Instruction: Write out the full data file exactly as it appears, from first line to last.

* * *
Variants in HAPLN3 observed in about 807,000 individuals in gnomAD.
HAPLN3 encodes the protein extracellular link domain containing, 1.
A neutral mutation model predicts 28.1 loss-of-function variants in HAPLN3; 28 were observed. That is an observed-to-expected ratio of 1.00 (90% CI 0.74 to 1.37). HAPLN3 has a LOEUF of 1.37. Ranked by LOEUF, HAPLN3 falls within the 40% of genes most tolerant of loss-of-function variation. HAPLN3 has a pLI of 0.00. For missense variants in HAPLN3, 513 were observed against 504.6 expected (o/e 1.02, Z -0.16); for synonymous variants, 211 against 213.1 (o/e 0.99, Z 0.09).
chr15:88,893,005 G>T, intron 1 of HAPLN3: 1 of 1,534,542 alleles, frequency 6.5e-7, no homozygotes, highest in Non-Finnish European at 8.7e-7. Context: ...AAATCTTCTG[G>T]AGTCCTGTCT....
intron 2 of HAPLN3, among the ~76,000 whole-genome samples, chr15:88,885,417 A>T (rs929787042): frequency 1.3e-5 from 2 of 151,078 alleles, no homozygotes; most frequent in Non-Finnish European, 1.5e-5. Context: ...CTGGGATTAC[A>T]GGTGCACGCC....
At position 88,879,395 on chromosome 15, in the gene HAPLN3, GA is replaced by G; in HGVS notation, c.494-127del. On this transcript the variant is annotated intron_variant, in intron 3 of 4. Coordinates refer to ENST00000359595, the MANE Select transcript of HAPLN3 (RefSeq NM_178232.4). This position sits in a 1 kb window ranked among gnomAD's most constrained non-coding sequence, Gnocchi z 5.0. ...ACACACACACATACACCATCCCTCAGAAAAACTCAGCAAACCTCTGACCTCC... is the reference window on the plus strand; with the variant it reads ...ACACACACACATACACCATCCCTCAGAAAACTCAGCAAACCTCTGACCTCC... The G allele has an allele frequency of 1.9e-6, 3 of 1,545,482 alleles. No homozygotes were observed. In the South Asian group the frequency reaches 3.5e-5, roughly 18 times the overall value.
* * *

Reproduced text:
Variants in HAPLN3 observed in about 807,000 individuals in gnomAD.
HAPLN3 encodes the protein extracellular link domain containing, 1.
A neutral mutation model predicts 28.1 loss-of-function variants in HAPLN3; 28 were observed. That is an observed-to-expected ratio of 1.00 (90% CI 0.74 to 1.37). HAPLN3 has a LOEUF of 1.37. Ranked by LOEUF, HAPLN3 falls within the 40% of genes most tolerant of loss-of-function variation. HAPLN3 has a pLI of 0.00. For missense variants in HAPLN3, 513 were observed against 504.6 expected (o/e 1.02, Z -0.16); for synonymous variants, 211 against 213.1 (o/e 0.99, Z 0.09).
chr15:88,893,005 G>T, intron 1 of HAPLN3: 1 of 1,534,542 alleles, frequency 6.5e-7, no homozygotes, highest in Non-Finnish European at 8.7e-7. Context: ...AAATCTTCTG[G>T]AGTCCTGTCT....
intron 2 of HAPLN3, among the ~76,000 whole-genome samples, chr15:88,885,417 A>T (rs929787042): frequency 1.3e-5 from 2 of 151,078 alleles, no homozygotes; most frequent in Non-Finnish European, 1.5e-5. Context: ...CTGGGATTAC[A>T]GGTGCACGCC....
At position 88,879,395 on chromosome 15, in the gene HAPLN3, GA is replaced by G; in HGVS notation, c.494-127del. On this transcript the variant is annotated intron_variant, in intron 3 of 4. Coordinates refer to ENST00000359595, the MANE Select transcript of HAPLN3 (RefSeq NM_178232.4). This position sits in a 1 kb window ranked among gnomAD's most constrained non-coding sequence, Gnocchi z 5.0. ...ACACACACACATACACCATCCCTCAGAAAAACTCAGCAAACCTCTGACCTCC... is the reference window on the plus strand; with the variant it reads ...ACACACACACATACACCATCCCTCAGAAAACTCAGCAAACCTCTGACCTCC... The G allele has an allele frequency of 1.9e-6, 3 of 1,545,482 alleles. No homozygotes were observed. In the South Asian group the frequency reaches 3.5e-5, roughly 18 times the overall value.